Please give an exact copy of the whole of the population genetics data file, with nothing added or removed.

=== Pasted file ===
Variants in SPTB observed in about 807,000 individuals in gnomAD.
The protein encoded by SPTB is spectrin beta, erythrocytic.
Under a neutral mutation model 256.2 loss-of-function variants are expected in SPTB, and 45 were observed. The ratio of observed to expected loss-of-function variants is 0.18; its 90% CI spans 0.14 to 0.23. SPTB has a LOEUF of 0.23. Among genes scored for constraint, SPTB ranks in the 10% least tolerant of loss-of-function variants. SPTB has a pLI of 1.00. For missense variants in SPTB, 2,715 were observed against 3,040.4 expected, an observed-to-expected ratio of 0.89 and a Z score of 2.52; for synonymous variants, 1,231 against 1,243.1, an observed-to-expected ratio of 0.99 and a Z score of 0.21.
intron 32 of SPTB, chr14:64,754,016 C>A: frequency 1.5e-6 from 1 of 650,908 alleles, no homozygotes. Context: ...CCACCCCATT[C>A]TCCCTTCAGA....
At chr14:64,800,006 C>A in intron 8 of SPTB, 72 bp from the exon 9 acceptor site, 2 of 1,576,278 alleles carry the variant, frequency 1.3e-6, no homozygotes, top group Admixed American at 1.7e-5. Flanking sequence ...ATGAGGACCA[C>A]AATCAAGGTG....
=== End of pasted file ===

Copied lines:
Variants in SPTB observed in about 807,000 individuals in gnomAD.
The protein encoded by SPTB is spectrin beta, erythrocytic.
Under a neutral mutation model 256.2 loss-of-function variants are expected in SPTB, and 45 were observed. The ratio of observed to expected loss-of-function variants is 0.18; its 90% CI spans 0.14 to 0.23. SPTB has a LOEUF of 0.23. Among genes scored for constraint, SPTB ranks in the 10% least tolerant of loss-of-function variants. SPTB has a pLI of 1.00. For missense variants in SPTB, 2,715 were observed against 3,040.4 expected, an observed-to-expected ratio of 0.89 and a Z score of 2.52; for synonymous variants, 1,231 against 1,243.1, an observed-to-expected ratio of 0.99 and a Z score of 0.21.
intron 32 of SPTB, chr14:64,754,016 C>A: frequency 1.5e-6 from 1 of 650,908 alleles, no homozygotes. Context: ...CCACCCCATT[C>A]TCCCTTCAGA....
At chr14:64,800,006 C>A in intron 8 of SPTB, 72 bp from the exon 9 acceptor site, 2 of 1,576,278 alleles carry the variant, frequency 1.3e-6, no homozygotes, top group Admixed American at 1.7e-5. Flanking sequence ...ATGAGGACCA[C>A]AATCAAGGTG....